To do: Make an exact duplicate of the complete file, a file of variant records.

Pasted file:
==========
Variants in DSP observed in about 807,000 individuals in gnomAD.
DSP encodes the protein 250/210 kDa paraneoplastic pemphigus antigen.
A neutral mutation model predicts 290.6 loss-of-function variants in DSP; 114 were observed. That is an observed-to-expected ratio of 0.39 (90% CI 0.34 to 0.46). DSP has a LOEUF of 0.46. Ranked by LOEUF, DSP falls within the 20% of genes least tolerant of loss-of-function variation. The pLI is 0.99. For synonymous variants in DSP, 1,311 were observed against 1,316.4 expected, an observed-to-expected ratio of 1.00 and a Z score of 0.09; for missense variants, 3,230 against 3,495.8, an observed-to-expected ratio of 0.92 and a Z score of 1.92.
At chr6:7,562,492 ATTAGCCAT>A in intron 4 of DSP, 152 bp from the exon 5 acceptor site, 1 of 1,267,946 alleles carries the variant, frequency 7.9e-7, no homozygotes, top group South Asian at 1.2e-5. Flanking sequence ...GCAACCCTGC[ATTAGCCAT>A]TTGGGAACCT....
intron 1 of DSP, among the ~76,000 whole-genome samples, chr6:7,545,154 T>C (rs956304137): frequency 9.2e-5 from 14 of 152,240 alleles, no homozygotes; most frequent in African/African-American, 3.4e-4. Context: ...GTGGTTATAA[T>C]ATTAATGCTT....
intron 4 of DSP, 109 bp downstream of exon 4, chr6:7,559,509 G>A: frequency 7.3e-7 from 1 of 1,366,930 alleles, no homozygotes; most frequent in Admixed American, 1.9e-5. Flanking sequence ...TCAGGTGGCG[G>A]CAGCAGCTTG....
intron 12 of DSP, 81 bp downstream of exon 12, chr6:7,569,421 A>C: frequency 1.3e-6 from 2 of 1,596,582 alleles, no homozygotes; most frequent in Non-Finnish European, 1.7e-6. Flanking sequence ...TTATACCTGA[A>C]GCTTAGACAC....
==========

Variants in DSP observed in about 807,000 individuals in gnomAD.
DSP encodes the protein 250/210 kDa paraneoplastic pemphigus antigen.
A neutral mutation model predicts 290.6 loss-of-function variants in DSP; 114 were observed. That is an observed-to-expected ratio of 0.39 (90% CI 0.34 to 0.46). DSP has a LOEUF of 0.46. Ranked by LOEUF, DSP falls within the 20% of genes least tolerant of loss-of-function variation. The pLI is 0.99. For synonymous variants in DSP, 1,311 were observed against 1,316.4 expected, an observed-to-expected ratio of 1.00 and a Z score of 0.09; for missense variants, 3,230 against 3,495.8, an observed-to-expected ratio of 0.92 and a Z score of 1.92.
At chr6:7,562,492 ATTAGCCAT>A in intron 4 of DSP, 152 bp from the exon 5 acceptor site, 1 of 1,267,946 alleles carries the variant, frequency 7.9e-7, no homozygotes, top group South Asian at 1.2e-5. Flanking sequence ...GCAACCCTGC[ATTAGCCAT>A]TTGGGAACCT....
intron 1 of DSP, among the ~76,000 whole-genome samples, chr6:7,545,154 T>C (rs956304137): frequency 9.2e-5 from 14 of 152,240 alleles, no homozygotes; most frequent in African/African-American, 3.4e-4. Context: ...GTGGTTATAA[T>C]ATTAATGCTT....
intron 4 of DSP, 109 bp downstream of exon 4, chr6:7,559,509 G>A: frequency 7.3e-7 from 1 of 1,366,930 alleles, no homozygotes; most frequent in Admixed American, 1.9e-5. Flanking sequence ...TCAGGTGGCG[G>A]CAGCAGCTTG....
intron 12 of DSP, 81 bp downstream of exon 12, chr6:7,569,421 A>C: frequency 1.3e-6 from 2 of 1,596,582 alleles, no homozygotes; most frequent in Non-Finnish European, 1.7e-6. Flanking sequence ...TTATACCTGA[A>C]GCTTAGACAC....